Cleanliness and sanitation are both crucial in any food environment. Think of your kitchen in your home. You likely never start cooking a meal with dirty pans, and you probably work hard to clean your kitchen after every meal. Food processing facilities are the same way.

Processing Areas

We clean the areas where we make food, the processing areas, a lot like you’d clean your kitchen and cookware at home, only on a much larger scale. We also include a few added steps for sanitizing and testing to make sure our process works.

  • First, all food, packaging materials and trash is picked up before the entire area is rinsed down.
  • Next, all the equipment is cleaned with a detergent (soap) and can be subject to hand scrubbing, if needed, before it’s rinsed off.
  • Then, it’s inspected for cleanliness, even before we use sanitizer. We also have specific criteria for any product that’s used for all this sanitizing. We make sure to meet the Centers for Disease Control and Prevention (CDC) cleaning and disinfection recommendations, including products that meet Environmental Protection Agency (EPA) criteria for use against SARS-Cov-2 (the virus that causes COVID-19).
  • Finally, we collect samples of a random number of surfaces for presence of protein and/or bacteria. The presence of either would indicate that we need a “do-over” of the cleaning process. We do this every day to know how effective our cleaning process is.

If you think about it, this is not much different than what you do at home when you wash your dishes. I’m guessing you scrape any remnants into the trash, rinse, apply soap, then re-rinse and inspect them before putting them way or using them again. The main difference is that at home, the decision on effectiveness is based on a visual cue like the presence of dried food particles, whereas we go the extra mile. We make our decision based first on a visual cue during our “pre-operational” inspection (before we start making food) and then by the testing results. And did I mention that we do this every day?

We have confidence in this process, and you can too, because there is no evidence to support the implication that COVID-19 can be transmitted through food. The World Health Organization (WHO), the Centers for Disease Control & Prevention (CDC), the United States Department of Agriculture (USDA) and the U.S. Food & Drug Administration (FDA) all agree on this point.

Now that’s just speaking to the cleaning and sanitizing of our processing area where we make the food. We haven’t even started the conversation about common areas where our team members may congregate. Guess what? We clean those areas every day too!

Common Areas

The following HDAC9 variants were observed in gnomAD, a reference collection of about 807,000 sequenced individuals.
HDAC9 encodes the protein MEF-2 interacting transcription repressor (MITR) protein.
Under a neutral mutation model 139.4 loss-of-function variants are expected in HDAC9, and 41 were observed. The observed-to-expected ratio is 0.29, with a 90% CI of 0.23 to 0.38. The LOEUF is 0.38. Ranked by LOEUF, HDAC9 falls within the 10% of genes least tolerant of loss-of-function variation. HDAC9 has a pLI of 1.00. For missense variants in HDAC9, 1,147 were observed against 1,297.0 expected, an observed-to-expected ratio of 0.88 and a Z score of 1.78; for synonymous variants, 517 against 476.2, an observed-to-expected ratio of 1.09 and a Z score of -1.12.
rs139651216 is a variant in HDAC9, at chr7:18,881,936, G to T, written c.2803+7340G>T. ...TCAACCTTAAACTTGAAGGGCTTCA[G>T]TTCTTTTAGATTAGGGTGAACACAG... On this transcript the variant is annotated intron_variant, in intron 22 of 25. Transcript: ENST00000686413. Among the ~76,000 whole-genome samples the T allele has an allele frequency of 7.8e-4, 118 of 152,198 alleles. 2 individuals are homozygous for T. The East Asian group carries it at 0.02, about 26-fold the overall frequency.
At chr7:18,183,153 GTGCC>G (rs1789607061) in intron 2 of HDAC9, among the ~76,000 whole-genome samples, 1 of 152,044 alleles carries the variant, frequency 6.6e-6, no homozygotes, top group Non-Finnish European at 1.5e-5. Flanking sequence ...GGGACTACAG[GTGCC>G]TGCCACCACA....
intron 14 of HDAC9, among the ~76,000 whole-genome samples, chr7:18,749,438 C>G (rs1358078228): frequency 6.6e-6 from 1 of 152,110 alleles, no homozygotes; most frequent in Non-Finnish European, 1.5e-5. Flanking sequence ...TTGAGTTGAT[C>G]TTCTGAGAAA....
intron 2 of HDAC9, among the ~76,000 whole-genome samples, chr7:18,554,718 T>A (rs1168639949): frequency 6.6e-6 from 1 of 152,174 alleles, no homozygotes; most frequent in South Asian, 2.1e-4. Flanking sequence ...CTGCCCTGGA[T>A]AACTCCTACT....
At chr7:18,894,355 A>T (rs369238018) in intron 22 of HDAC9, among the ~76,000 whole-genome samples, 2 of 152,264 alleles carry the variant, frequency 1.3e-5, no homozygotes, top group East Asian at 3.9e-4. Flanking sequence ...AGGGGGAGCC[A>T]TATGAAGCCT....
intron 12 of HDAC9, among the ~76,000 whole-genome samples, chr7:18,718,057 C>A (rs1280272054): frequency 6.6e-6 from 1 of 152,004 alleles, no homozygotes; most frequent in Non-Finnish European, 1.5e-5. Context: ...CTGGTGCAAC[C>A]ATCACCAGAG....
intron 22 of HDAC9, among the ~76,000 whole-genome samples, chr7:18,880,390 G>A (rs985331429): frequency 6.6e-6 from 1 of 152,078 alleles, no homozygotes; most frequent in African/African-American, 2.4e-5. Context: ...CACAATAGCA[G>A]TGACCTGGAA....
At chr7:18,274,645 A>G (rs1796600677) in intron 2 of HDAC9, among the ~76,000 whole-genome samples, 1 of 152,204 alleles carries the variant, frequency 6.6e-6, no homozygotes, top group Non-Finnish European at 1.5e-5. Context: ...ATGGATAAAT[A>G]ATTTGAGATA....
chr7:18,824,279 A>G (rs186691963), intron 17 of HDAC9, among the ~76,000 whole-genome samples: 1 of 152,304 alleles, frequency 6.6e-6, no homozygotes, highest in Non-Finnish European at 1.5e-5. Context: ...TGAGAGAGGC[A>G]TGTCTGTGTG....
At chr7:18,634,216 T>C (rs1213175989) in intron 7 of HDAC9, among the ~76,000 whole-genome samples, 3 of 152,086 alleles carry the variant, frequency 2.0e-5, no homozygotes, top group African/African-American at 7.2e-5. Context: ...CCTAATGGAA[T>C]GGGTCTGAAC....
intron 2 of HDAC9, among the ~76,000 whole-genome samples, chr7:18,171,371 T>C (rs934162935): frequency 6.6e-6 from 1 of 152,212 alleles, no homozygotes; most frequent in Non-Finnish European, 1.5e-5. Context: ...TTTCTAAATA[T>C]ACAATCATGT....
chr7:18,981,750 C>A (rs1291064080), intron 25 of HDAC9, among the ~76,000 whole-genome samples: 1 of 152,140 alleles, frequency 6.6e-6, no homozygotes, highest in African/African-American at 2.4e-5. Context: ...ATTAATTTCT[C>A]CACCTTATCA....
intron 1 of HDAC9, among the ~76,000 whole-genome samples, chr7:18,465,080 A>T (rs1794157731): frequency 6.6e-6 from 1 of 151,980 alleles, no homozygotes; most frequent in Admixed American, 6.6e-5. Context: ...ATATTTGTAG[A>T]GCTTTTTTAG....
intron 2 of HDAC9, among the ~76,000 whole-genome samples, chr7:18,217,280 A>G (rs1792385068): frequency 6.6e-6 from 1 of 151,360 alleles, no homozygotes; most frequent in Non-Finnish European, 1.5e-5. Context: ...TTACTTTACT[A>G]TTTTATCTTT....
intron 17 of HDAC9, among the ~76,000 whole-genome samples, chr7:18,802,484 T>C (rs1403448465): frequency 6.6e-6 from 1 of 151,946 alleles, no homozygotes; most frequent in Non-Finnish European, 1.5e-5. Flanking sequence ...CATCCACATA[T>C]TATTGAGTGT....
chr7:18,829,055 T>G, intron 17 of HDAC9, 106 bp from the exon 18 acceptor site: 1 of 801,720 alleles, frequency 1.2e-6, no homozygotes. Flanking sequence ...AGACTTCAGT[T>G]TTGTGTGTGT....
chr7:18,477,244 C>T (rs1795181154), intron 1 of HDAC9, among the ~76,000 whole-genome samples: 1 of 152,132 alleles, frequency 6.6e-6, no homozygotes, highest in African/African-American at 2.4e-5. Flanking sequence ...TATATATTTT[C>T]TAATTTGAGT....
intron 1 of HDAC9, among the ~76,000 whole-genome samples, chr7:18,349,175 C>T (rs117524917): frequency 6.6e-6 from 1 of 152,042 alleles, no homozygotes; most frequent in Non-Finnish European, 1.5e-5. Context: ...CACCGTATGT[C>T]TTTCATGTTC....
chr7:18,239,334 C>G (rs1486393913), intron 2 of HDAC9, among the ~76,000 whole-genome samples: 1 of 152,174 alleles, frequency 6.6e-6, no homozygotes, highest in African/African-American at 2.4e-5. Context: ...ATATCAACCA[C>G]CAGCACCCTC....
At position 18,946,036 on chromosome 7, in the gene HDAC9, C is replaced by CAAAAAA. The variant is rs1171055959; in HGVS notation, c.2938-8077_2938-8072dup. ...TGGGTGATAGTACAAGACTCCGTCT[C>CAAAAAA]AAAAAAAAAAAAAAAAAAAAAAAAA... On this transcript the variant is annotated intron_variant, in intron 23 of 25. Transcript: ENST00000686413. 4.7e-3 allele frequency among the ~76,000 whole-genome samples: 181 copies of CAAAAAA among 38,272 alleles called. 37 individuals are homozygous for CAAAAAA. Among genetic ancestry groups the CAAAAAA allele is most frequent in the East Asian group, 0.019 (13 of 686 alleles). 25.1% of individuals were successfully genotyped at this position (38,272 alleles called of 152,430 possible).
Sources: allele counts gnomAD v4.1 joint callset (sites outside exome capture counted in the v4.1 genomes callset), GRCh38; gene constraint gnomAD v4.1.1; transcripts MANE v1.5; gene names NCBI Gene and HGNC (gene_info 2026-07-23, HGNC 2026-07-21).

Like you have experienced, COVID-19 has brought on challenges and taught us to adapt quickly to try to keep those we care about safe and healthy. You’ve probably increased your cleaning habits around your home – wiping down surfaces and cleaning areas where traffic is the highest. Again, we’re just the same.

We’ve made changes to the frequency of cleaning and the intensity of our cleaning procedures. First and foremost, it takes many more people to clean these areas than before. More people are needed because cleaning and sanitizing of common areas now happens around-the-clock. ALL common touch points – think door handles and tabletops – are continuously sanitized throughout the day while we are working, and then these areas are all cleaned AGAIN when the processing area undergoes the daily sanitation process.

Just think about that for a minute. We’re talking about doors, door handles, tabletops, chairs, time clocks, etc. in all common areas, inside and outside. These areas include offices, locker rooms, break rooms, hallways, restrooms, maintenance shops, etc. If you’re wondering if it takes a village to get this done, let me assure you that indeed it does!

But we are not done yet.

There’s More!

On top of all THAT, in response to COVID-19, we also routinely fog the entire facility – both the processing areas and the common areas – with another sanitizing product. Of course, this is also be in accordance with EPA criteria for use against SARS-Cov-2. Fogging is an additional step in cleaning that disperses a disinfectant aerosol to reduce the numbers of airborne micro-organisms and to apply disinfectant to surfaces that may be difficult to reach. Fogging gets up and into the nooks and crannies, so to say.

Just like you in your home, we know that proper cleaning and sanitizing is the key to preparing safe food and keeping those we care about safe and healthy.

Vice President, Food Safety and Quality Assurance for Poultry at